Venus DeMars’ top 5 tax tips for artists

Transgender rock musician Venus DeMars has emerged from a 19-month battle with the Minnesota Department of Revenue, and won. She and her spouse, writer Lynette Reini-Grandell, learned plenty along the way and offer these bits of advice to other artists when it comes to their taxes.

Venus DeMars put this image up on her Facebook page when she received the final ruling from the Minnesota Department of Revenue

1. Hire an accountant

“Theoretically that protects you,” said Reini-Grandell. “For us it meant that we knew we were doing the right thing — we weren’t guessing.  We felt we had a professional who knew how to put these things together, so we knew it was just a matter of fighting this through with the state.”

2. Keep it legal

“Don’t fool around, don’t do dumb things with your money, don’t hide stuff,” said DeMars. “I think as artists we need the moral high ground in this, because if we do come up against something like this we need to be able to have the confidence to fight it. So you really can’t have things in the closet that you’re afraid will come out.”

3. Know your numbers

“I think maybe one of the reasons they picked on us was because they thought artists and poets can’t do numbers, can’t do math,” said Reini-Grandell. “They believed we were easy pickings. It’s important for the artistic community to stand up and say ‘no, we are professionals, we know what we’re doing.'”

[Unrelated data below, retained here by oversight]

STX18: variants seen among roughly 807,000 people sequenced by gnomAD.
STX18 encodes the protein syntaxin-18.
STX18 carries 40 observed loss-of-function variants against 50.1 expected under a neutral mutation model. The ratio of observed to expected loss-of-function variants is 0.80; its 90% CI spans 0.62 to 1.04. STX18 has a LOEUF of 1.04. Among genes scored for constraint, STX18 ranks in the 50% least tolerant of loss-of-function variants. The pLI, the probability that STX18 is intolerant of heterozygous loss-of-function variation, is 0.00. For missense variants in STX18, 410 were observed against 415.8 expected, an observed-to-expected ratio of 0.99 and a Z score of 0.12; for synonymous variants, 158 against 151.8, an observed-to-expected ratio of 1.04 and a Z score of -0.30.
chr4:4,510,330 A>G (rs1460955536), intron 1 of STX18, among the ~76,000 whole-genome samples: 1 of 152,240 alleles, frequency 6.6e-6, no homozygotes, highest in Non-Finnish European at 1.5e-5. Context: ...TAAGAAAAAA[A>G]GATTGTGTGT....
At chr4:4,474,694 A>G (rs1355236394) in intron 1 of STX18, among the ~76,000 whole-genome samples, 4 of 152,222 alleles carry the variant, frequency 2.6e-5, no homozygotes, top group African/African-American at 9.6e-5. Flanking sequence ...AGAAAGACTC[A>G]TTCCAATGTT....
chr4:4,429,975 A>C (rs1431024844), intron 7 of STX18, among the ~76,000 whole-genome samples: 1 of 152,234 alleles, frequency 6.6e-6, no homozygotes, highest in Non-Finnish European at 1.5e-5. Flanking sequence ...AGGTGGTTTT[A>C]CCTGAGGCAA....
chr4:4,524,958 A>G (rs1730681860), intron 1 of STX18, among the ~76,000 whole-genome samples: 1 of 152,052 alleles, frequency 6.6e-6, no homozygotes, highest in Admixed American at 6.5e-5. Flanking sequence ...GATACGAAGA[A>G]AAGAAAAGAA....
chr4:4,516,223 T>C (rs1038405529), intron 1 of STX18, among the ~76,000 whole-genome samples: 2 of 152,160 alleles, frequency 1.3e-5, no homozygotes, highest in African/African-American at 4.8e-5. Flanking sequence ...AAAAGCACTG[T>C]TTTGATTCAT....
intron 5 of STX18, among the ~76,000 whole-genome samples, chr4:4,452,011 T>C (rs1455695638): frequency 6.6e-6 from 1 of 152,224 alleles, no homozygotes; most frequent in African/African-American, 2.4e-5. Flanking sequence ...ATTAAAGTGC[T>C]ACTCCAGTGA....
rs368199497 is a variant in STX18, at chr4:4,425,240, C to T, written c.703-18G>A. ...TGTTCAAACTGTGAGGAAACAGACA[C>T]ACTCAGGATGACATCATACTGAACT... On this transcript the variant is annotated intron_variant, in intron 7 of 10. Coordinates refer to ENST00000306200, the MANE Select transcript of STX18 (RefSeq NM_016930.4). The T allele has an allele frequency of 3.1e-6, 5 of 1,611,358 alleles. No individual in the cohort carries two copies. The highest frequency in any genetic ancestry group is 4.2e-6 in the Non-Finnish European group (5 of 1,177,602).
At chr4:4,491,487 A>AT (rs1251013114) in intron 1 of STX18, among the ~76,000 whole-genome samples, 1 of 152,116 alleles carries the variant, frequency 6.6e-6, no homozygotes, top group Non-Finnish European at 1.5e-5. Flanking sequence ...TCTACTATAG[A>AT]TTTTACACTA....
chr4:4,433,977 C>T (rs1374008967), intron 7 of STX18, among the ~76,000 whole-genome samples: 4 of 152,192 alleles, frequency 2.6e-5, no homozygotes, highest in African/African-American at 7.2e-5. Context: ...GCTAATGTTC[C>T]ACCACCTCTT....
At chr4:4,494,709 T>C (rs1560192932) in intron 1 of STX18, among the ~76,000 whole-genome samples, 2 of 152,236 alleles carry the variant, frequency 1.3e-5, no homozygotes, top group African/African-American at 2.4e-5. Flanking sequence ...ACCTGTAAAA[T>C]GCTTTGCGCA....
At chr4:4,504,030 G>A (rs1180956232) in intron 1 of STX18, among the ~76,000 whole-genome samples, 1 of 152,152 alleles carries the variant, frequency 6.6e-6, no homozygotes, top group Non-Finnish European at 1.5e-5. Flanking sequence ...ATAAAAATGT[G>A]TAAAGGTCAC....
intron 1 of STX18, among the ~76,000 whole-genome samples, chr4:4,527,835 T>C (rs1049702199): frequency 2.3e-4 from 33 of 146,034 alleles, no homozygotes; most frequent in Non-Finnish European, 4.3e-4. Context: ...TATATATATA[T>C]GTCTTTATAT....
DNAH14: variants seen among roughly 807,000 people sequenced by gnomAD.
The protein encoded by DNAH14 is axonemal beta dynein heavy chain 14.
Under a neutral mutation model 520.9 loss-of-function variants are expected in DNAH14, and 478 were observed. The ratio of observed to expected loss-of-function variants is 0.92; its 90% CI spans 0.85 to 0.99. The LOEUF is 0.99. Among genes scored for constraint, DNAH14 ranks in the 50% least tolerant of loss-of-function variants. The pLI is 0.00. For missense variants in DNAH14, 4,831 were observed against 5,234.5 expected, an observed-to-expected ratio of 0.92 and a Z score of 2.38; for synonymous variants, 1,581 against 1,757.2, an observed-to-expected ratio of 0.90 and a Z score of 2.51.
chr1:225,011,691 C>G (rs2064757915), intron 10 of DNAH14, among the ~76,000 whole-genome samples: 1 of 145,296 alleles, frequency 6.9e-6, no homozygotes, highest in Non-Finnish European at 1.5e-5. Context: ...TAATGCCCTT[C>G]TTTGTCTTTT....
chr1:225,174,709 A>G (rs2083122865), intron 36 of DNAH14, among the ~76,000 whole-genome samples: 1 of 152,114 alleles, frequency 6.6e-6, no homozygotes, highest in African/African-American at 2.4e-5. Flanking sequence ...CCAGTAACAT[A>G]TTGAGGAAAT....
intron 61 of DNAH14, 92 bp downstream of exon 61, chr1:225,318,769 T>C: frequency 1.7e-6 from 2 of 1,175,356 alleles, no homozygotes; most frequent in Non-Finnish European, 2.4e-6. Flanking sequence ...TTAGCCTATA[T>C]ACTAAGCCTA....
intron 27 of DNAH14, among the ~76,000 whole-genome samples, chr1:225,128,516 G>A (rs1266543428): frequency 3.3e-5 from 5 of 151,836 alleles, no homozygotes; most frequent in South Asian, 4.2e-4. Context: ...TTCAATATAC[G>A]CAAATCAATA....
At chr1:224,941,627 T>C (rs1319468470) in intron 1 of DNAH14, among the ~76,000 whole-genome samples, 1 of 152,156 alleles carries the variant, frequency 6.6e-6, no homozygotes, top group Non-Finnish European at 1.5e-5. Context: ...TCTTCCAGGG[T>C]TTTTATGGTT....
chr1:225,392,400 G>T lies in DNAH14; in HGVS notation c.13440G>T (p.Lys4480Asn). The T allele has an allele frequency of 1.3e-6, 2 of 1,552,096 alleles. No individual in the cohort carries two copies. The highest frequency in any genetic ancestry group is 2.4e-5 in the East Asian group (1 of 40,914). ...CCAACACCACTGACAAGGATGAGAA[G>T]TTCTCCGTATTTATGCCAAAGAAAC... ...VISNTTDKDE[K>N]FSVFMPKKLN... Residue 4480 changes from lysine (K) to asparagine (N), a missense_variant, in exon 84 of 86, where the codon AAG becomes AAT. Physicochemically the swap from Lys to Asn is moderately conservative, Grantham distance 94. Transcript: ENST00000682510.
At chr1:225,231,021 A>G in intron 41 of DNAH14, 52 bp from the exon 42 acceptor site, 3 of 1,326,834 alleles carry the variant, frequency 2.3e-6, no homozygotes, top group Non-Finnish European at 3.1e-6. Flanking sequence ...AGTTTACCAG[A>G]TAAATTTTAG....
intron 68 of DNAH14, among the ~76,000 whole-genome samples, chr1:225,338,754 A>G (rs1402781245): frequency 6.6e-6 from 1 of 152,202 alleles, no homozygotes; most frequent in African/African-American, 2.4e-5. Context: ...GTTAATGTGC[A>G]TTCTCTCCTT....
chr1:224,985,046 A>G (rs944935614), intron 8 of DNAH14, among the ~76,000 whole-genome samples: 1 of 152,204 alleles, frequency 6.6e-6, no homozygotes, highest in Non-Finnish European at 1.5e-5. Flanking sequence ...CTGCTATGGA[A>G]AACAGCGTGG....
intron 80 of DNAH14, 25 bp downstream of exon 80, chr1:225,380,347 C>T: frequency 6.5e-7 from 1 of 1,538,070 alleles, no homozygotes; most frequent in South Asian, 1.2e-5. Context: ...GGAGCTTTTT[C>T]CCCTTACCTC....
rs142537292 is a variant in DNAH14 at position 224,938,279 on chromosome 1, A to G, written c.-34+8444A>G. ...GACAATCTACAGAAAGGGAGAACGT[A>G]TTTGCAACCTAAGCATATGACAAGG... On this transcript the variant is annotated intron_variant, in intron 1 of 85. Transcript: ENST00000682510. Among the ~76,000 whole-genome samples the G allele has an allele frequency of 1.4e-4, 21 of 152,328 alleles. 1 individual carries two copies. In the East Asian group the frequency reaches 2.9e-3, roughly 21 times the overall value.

4. Hire a lawyer

“I think if we’d had a lawyer at the first interview, our auditor would have listened and this would not have gone down the road it did,” said DeMars.  “I think if an artist feels that their status as an artist is being challenged and they feel that they have done everything right, they should have a lawyer. Just spend the money, spend the $1,500 that it takes — put it on a credit card if you have to — get them there and have them present at that first interview, and it will be money well spent.”

5. Know your legal precedents

DeMars and Reini-Grandell’s lawyer used the following citations in appealing their case with the Minnesota Department of Revenue:

The proper focus is the taxpayer’s subjective intent to make a profit.  — Skeen vs. Commissioner, 1989

The expectation of making a profit need not be reasonable.  — Beck vs. Commissioner, 1985

When the case concerns an artist, the courts have consistently held that profitability is not important.  — Churchman vs. Commissioner, 1977

 

 

  • Marek Kasl

    Congratulations on your win!